A horse's gut bacteria communicate with the mitochondria, the components in the cells that generate and regulate energy, finds a new study. It reveals the chemical signals, in the form of metabolites produced by the bacteria breaking down food for growth and energy, have the effect of "turning on" specific genes that help the horse to extend its energy output. This study paves the way for dietary interventions that could enhance equine performance.
Researchers at the National Institute for Physiological Sciences in Japan reveal the mechanism of hyperkinetic movements called L-DOPA-induced dyskinesia, which is a major side effect of medication in Parkinson's disease.
End-stage heart-failure patients have a bimodal distribution for DNA CpG-methylation of the heart, and race is the sole variable that explains the difference. Census tracts where the patients lived show that the African-American patients lived in neighborhoods with more racial diversity and poverty than Caucasians, suggesting that the underlying variable may be socioeconomic. DNA methylation differences correlated with differences in heart-failure outcomes, as measured by two-year mortality.
A new study in mice describes novel neurocircuitry between midbrain structures that control feeding behaviors that are under modulatory control by leptin, a hormone made by body fat. Since the discovery of leptin in the 1990s, researchers have wondered how leptin can suppress appetite.
Exposure to phthalates, a class of chemicals widely used in packaging and consumer products, is known to interfere with normal hormone function and development. Now researchers have found evidence linking pregnant women's exposure to phthalates to altered cognitive outcomes in their infants.
A team from (UNIGE) has discovered an RNA coding for a micro-peptide - a very small protein - that plays a crucial role in the competition between spermatozoa from different males of the Drosophila with which the female mates. In addition to shedding new light on this biological mechanism, this work highlights the importance of small peptides, a class of proteins that is now emerging as a key player in complex biological processes.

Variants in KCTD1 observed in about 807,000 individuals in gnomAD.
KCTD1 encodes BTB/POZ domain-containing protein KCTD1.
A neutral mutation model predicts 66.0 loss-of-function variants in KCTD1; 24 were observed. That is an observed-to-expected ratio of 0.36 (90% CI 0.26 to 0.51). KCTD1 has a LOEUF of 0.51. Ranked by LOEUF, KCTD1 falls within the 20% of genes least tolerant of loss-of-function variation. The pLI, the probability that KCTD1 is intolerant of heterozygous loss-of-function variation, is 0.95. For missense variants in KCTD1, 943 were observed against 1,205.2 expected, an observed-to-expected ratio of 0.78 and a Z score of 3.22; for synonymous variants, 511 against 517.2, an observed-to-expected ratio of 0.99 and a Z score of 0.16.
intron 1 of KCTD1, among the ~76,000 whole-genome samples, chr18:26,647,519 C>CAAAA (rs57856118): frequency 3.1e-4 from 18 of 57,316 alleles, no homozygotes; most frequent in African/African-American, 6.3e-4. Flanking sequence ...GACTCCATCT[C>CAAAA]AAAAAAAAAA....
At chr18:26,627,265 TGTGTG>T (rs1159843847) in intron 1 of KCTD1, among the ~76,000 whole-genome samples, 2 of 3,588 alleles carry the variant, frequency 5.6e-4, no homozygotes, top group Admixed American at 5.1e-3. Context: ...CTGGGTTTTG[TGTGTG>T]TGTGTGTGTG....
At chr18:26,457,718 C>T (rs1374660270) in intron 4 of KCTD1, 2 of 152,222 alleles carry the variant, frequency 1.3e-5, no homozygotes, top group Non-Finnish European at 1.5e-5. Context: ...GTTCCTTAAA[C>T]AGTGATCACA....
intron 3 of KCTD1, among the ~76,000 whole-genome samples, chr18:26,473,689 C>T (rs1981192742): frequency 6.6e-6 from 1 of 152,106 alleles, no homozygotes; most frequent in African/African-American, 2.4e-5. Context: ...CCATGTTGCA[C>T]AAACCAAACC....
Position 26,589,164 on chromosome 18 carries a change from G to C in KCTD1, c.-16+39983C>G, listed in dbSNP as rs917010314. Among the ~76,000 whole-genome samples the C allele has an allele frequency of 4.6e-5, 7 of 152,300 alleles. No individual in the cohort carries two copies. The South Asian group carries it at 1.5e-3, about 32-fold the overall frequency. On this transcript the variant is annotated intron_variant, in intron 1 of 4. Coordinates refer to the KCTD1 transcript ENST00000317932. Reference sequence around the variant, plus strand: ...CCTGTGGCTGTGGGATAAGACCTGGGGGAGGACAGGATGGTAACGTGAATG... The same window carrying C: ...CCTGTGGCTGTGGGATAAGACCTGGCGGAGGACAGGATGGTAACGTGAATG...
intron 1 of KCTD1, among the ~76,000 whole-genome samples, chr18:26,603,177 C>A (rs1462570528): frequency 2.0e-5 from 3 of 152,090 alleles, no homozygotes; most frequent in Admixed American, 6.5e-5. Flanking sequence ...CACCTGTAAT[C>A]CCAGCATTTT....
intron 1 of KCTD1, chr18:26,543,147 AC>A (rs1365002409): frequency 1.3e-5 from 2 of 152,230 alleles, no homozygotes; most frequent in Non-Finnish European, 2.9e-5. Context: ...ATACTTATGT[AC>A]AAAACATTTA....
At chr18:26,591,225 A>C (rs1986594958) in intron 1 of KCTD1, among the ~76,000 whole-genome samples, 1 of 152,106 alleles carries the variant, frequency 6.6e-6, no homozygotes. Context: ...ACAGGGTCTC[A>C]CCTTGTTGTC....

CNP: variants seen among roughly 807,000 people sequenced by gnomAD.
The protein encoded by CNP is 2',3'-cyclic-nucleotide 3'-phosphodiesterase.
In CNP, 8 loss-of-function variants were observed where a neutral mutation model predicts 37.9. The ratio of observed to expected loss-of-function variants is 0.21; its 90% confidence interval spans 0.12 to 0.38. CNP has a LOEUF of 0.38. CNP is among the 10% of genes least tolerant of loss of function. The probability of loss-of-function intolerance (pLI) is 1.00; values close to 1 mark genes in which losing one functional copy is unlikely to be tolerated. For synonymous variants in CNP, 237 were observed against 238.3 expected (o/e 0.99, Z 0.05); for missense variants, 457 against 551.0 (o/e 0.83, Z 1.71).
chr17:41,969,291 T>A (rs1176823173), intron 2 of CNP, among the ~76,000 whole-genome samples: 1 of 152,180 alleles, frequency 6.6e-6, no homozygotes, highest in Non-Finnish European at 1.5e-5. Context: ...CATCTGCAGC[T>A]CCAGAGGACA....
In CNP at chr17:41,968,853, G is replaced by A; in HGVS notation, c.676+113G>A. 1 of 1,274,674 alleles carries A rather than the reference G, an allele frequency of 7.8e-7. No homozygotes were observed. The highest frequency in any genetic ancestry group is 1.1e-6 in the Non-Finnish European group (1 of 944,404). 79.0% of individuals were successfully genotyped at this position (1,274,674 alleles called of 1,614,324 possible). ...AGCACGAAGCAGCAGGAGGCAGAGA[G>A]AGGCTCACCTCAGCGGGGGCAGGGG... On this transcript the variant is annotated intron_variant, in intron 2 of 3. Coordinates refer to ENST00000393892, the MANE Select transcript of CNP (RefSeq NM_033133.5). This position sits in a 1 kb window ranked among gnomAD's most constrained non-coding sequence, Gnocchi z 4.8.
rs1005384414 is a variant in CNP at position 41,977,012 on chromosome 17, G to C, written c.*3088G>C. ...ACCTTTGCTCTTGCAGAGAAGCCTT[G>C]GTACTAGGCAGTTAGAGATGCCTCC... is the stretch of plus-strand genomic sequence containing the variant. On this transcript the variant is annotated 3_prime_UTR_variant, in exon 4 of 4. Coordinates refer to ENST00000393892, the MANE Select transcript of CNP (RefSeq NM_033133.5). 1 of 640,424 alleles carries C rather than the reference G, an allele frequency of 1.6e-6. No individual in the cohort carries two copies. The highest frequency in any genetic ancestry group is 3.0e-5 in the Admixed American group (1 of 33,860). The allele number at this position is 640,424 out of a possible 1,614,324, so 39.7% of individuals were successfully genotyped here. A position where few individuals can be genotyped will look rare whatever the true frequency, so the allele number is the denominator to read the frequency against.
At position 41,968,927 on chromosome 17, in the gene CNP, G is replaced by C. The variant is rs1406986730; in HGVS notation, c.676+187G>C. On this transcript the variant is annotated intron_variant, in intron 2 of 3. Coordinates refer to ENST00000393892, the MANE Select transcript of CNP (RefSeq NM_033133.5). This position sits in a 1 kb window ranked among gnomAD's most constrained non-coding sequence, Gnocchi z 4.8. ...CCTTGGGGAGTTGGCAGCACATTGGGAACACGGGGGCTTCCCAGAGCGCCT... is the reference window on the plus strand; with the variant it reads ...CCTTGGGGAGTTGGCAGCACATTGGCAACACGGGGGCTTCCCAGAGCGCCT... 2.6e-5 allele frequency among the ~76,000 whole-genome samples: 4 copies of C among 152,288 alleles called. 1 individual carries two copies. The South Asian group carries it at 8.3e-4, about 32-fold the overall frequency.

A University of Guam review of published research on the critically endangered Serianthes nelsonii tree has revealed a reason why the population of the trees continues to be endangered despite a long history of funded conservation projects and a national recovery plan implemented 26 years ago. The review article, co-authored by biologists of the Plant Physiology Laboratory of UOG's Western Pacific Tropical Research Center, was published on March 2 in Horticulturae journal.
Researchers from The University of Tokyo developed a novel device for the safe and effective transplantation of human pancreatic beta-cells in type I diabetes mellitus (T1D). By constructing a millimeter-thick graft encapsulating beta-cells and transplanting it in diabetic mice, they were able to show that the device was removable for up to 1 year and without a significant foreign body response. This study demonstrates a novel option for cell therapy for T1D.
A joint team of palaeontologists has now for the first time analysed bone structures in 400 million-year-old fossils of marine life at unprecedentedly high resolution and in 3D. To be able to view these structures, tomography experts at the Helmholtz-Zentrum Berlin (HZB) examined the samples under the focussed ion beam of a scanning electron microscope to calculate 3D images from the data, achieving resolutions in the nanometre range using technology that was initially developed to study battery corrosion.
It makes evolutionary sense for long-lived animals to have complex social relationships - such as friends and enemies - researchers say.